Hard conversion conversations are being had now at studios on films that include Pirates of the Caribbean: On Stranger Tides, The Chronicles of Narnia: Voyage of the Dawn Treader, Gulliver’s Travels and The Hobbit. Executives are weighing competitive issues and the potential benefits of …
All over town, directors and studios are testing footage as they decide whether or not to go 3D. That included Jackass 3. From what I’m told, the filmmakers violated every rule that James Cameron set with Avatar, in which he used 3D to immerse an audience into his film, rather than sending projectiles out at the audience. Insiders say some of the footage displayed how Steve-O, Johnny Knoxville and cohorts doing their usual pratfalls, but the stunt that really won the day was called “The Heli-cockter.” One of the Jackass crew—I believe it was “Party Boy” Chris Pontius—tethered a remote control-operated helicopter to his penis, and sat there grinning as the copter swung in circles, flying out at the spectacle-wearing Paramount executives who green lit the film.
EXCLUSIVE: Alice in Wonderland director Tim Burton has found a new 3D project. He will direct a stop-motion animated film based on Charles Addams’ original ghoulish cartoon drawings of The Addams Family. Illumination Entertainment, the Universal-based family film unit headed by Chris Meledandri, has acquired the underlying rights of the Addams drawings, once a staple of The New Yorker magazine.
Burton’s intention is to go back to the litany of Addams illustrations that displayed a sharper wit than seen on the big or little screen before. Other than being inspired by the same source material, the animated feature is unrelated to previous incarnations of Addams’ work: the 1960s TV series, the two 1990s feature film comedies that Barry Sonnenfeld directed with Raul Julia and Anjelica Huston, or the Broadway musical opening this spring with Nathan Lane and Bebe Neuwirth in the starring roles.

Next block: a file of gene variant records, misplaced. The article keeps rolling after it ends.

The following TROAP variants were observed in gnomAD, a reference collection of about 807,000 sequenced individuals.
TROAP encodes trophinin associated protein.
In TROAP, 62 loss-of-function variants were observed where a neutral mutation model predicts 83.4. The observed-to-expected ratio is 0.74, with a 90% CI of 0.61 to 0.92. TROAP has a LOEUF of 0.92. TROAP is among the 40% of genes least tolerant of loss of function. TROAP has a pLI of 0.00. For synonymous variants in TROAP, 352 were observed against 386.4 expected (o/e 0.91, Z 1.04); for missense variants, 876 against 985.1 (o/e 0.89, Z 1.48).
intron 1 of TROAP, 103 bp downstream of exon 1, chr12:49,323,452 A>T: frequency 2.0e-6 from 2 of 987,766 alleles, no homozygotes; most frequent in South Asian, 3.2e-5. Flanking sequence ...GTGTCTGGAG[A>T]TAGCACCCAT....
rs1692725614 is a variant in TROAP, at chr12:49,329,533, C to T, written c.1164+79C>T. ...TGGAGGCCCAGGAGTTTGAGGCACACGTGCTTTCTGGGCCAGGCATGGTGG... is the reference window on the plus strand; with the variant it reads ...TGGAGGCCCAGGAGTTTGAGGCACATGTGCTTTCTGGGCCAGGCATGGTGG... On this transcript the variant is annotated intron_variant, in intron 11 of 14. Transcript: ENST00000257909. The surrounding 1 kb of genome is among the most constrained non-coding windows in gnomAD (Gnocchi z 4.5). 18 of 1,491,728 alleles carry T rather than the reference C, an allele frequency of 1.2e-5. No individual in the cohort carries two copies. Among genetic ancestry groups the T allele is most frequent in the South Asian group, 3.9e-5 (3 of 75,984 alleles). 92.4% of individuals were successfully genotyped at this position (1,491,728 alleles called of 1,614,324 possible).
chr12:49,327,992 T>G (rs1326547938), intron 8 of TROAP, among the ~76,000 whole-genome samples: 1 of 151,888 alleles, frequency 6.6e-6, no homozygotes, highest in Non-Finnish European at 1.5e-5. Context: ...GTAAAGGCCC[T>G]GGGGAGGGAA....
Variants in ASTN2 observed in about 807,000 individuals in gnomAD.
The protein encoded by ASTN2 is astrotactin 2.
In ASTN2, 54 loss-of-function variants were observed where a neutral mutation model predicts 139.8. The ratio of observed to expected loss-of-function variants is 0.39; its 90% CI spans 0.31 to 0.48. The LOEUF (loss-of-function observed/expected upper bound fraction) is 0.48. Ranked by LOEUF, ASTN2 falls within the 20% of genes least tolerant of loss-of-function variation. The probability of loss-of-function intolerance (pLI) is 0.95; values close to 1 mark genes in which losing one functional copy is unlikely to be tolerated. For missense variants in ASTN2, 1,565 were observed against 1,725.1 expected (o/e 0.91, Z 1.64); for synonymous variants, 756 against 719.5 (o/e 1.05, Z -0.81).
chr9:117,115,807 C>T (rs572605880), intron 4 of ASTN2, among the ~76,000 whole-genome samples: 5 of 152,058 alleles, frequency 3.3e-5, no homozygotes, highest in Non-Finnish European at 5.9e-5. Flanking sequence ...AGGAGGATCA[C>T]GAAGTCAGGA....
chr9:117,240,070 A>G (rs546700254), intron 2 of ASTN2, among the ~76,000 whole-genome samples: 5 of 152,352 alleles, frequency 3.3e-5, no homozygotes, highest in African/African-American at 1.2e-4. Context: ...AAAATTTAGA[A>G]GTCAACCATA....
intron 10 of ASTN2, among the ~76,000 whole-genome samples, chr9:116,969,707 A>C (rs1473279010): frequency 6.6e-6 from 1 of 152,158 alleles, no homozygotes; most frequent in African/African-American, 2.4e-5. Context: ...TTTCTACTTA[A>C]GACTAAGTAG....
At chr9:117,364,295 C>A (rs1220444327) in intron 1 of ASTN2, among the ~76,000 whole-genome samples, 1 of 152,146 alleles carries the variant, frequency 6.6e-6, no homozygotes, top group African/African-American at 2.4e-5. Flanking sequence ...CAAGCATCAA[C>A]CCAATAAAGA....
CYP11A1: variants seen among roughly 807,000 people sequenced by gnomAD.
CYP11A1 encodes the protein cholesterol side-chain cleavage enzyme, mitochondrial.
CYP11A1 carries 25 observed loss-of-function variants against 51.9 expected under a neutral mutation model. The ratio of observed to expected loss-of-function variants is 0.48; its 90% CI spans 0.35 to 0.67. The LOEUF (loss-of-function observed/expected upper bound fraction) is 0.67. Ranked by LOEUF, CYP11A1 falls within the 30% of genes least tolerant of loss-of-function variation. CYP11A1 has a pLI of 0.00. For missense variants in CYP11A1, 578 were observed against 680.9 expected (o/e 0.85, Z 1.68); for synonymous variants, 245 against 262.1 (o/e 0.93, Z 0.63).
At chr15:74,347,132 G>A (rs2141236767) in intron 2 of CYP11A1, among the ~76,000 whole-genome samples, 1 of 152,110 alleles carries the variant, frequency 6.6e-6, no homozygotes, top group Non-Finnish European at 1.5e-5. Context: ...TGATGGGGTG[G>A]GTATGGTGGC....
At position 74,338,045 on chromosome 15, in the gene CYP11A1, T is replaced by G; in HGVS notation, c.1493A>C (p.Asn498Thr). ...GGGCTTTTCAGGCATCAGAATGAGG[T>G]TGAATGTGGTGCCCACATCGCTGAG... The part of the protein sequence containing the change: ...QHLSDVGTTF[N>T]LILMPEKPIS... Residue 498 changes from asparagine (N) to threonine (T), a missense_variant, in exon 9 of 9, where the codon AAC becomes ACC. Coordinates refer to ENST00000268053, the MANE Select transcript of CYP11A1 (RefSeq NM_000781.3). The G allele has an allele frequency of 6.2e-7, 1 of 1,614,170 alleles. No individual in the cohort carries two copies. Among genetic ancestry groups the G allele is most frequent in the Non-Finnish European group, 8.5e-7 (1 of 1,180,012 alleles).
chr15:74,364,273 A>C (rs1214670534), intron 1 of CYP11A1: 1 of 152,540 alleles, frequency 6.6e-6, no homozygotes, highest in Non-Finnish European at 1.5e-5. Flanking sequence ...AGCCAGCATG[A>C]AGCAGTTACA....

Meladandri will produce the film. Kevin Miserocchi of the Tee and Charles Addams Foundation will be executive producer. A writer will be hired shortly. Burton, whose visual creations are currently on display at a MOMA exhibit that opened last November, is expected to provide much of the visual look of the film himself.
Burton’s experience in animated film is extensive. He last directed Corpse Bride, and is making a feature version of Frankenweenie, the 1984 30-minute short film Burton made about a boy who reanimates his dead dog. That reportedly got him …
From Deadline|London editor Tim Adler: Copenhagen cinemagoers are paying up to 20 euros ($28) a ticket to see Avatar, compared with an average Danish ticket price of 10 euros. Slovakian cinemagoers are paying 8 euros per ticket to see the James Cameron technopic, compared with an average of 4 euros. And the average Avatar ticket price in Europe is 7 euros. One unintended consequence of the amount of money Avatar is making is that it’s speeding up digital cinema conversion across Europe. According to consultancy Dodona, Europe currently has 1,688 digital screens. The push is on to convert – and quickly. Before Avatar, French chain UGC had been holding out until the cost of digital projectors came down. Now it has no choice but go digital. Claus Hjorth, a senior adviser to the Danish Film Institute, told me, “The 3D wave has got more energy now. Avatar has proven that 3D works right across Europe.”
This month a big confab took place in Barcelona about how to pay for European digitization. The French competition authority has just blocked the government’s scheme to pay for digital conversion. In the UK, Taxpayers Fund 3D For UK Cinema Chains. But the CNC, the French cinema agency, had wanted to establish a fund to pay for all cinemas. Now it appears as if the French will subsidize only the smaller chains. That’s what’s happening in Denmark, too. The Polish government has just paid to upgrade a dozen …
EXCLUSIVE: Robert Downey Jr is negotiating a deal to star in Gravity, the 3D space film directed by Alfonso Cuaron. Warner Bros and Legendary Pictures will co-finance. Cuaron wrote the script with his son, Jonas. Downey will play the leader of a team posted at a remote space station. While he and a female colleague are traveling outside the space station, the other team members are decimated by debris from an exploded satellite.